Views from the London School of Hygiene & Tropical Medicine

New research shows how Glucose-6-phosphate dehydrogenase enzyme mutations protect against malaria

Plasmodium falciparum - credit Samana Schwank, LSHTMA new study in Tanzania led by researchers at the London School of Hygiene & Tropical Medicine has provided insights into how gene mutations associated with deficiency in a vital blood enzyme, glucose-6-phosphate dehydrogenase, can protect against malaria.

Glucose-6-phosphate dehydrogenase (G6PD) is an essential enzyme that protects human red blood cells from oxidative damage. Many genetic variants of the G6PD gene are found among African populations. Like the well-known sickle cell trait, these mutations can lead to serious disorders such as haemolytic anaemia, but are also associated with protection against severe malaria.

However, epidemiological studies over several decades have failed to provide a clear picture as to how G6PD-deficiency protects against malaria. Whether females, carrying either one or two copies of mutant genes, males carrying one copy, or both genders are protected is uncertain, due in part to the complexity of the G6PD locus.

In this study, published recently in PLoS Genetics, more than 30 G6PD genetic markers in 506 Tanzanian children with severe malaria and 477 children without malaria were analysed.  The researchers found that only females with one normal and one mutant copy of the gene (heterozygotes) were protected from severe malaria. The G6PD gene, residing in the human X chromosome, was found to be under evolutionary pressure with the likely mechanism being selection by malaria.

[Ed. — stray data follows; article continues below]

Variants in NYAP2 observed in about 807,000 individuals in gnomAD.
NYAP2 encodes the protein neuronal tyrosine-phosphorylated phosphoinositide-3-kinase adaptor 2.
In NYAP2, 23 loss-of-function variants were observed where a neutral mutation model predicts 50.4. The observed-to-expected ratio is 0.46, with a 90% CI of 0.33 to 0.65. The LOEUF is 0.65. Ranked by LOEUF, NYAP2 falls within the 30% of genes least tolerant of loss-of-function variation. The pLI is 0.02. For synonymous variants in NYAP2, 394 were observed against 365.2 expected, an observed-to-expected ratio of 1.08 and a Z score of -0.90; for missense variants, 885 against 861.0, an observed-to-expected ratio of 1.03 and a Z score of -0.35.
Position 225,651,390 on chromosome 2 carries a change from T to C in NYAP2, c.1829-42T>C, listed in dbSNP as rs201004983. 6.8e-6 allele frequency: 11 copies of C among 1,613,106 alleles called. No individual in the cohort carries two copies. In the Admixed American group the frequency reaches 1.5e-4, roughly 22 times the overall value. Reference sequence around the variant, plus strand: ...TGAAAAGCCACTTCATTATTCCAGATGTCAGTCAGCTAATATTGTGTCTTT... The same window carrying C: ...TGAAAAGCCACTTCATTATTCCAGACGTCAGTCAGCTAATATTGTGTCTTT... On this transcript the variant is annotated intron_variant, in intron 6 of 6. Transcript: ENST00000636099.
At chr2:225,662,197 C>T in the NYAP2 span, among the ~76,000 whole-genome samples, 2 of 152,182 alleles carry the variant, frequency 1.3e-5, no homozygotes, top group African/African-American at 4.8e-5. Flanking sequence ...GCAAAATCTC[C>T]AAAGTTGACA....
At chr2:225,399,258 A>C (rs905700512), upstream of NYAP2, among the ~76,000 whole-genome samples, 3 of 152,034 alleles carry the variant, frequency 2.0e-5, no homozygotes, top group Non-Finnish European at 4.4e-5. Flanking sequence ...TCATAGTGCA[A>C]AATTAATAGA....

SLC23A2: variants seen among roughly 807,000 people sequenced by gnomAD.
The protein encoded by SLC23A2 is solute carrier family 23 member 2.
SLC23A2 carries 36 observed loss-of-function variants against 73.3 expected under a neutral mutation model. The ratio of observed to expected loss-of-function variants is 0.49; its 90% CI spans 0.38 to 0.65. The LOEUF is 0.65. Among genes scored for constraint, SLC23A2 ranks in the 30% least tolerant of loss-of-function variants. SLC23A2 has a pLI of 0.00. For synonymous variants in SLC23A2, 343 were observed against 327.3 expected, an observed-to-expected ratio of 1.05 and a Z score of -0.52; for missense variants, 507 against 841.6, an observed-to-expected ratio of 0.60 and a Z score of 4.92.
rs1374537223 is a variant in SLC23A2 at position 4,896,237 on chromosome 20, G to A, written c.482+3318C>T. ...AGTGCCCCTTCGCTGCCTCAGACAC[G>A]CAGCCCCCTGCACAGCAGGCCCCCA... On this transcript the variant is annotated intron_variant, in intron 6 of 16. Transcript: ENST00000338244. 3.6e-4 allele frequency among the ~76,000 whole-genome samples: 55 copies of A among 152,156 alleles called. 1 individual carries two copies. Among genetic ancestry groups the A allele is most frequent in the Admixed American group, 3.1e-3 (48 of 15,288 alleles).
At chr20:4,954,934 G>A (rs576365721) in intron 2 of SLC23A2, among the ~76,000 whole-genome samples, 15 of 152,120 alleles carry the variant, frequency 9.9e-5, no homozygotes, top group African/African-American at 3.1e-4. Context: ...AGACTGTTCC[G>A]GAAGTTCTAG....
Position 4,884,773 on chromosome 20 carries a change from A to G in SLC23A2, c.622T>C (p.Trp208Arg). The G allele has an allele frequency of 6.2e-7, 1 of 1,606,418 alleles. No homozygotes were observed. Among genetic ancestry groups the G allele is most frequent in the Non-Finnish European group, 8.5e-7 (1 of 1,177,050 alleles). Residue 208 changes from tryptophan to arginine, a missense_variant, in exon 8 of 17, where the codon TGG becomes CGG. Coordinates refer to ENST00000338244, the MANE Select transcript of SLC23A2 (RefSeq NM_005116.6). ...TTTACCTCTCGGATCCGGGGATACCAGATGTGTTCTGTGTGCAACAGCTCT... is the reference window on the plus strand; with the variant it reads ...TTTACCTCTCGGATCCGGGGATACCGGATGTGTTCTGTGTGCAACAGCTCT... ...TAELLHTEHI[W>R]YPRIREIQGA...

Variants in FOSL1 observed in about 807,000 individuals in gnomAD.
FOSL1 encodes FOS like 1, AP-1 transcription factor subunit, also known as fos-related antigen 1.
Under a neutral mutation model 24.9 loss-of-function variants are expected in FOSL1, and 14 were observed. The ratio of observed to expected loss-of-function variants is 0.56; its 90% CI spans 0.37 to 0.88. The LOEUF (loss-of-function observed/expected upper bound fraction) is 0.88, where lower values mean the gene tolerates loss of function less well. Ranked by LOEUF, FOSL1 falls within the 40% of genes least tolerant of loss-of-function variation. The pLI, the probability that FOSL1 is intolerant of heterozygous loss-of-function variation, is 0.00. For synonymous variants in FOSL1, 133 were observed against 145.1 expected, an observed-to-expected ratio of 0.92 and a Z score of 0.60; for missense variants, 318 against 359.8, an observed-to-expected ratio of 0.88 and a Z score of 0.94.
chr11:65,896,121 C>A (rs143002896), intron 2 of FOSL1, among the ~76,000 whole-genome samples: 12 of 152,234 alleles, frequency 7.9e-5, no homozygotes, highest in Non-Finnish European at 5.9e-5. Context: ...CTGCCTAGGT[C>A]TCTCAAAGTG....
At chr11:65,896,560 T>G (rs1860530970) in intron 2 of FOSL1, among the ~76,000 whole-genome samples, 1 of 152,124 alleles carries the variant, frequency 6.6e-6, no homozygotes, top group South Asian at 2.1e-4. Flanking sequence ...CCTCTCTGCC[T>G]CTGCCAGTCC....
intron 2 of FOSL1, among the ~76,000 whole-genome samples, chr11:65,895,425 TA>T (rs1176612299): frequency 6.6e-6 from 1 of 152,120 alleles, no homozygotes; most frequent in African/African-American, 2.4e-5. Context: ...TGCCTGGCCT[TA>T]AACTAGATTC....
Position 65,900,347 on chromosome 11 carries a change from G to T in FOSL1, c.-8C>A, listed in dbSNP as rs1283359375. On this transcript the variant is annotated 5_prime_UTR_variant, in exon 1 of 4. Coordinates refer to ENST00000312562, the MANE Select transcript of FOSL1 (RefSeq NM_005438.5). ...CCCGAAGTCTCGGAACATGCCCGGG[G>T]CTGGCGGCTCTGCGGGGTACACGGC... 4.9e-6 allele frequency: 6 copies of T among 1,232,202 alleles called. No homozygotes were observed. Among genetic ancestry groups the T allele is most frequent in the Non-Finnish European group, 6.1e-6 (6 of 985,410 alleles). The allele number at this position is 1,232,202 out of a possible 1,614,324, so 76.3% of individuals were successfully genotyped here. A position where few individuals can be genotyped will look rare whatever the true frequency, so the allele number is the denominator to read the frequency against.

This work provides insight into an important mechanism of malaria protection, but also as the treatment of malaria can cause severe hemolysis in G6PD-deficient patients, it could assist with screening patients for deficiency before treatment.

Manjurano A, Sepulveda N, Nadjm B et al. African Glucose-6-Phosphate Dehydrogenase Alleles Associated with Protection from Severe Malaria in Heterozygous Females in Tanzania. PLoS Genet. 2015 Feb 11;11(2):e1004960. doi: 10.1371/journal.pgen.1004960. eCollection 2015 Feb.

Image: Plasmodium falciparum courtesy of Samana Schwank, LSHTM

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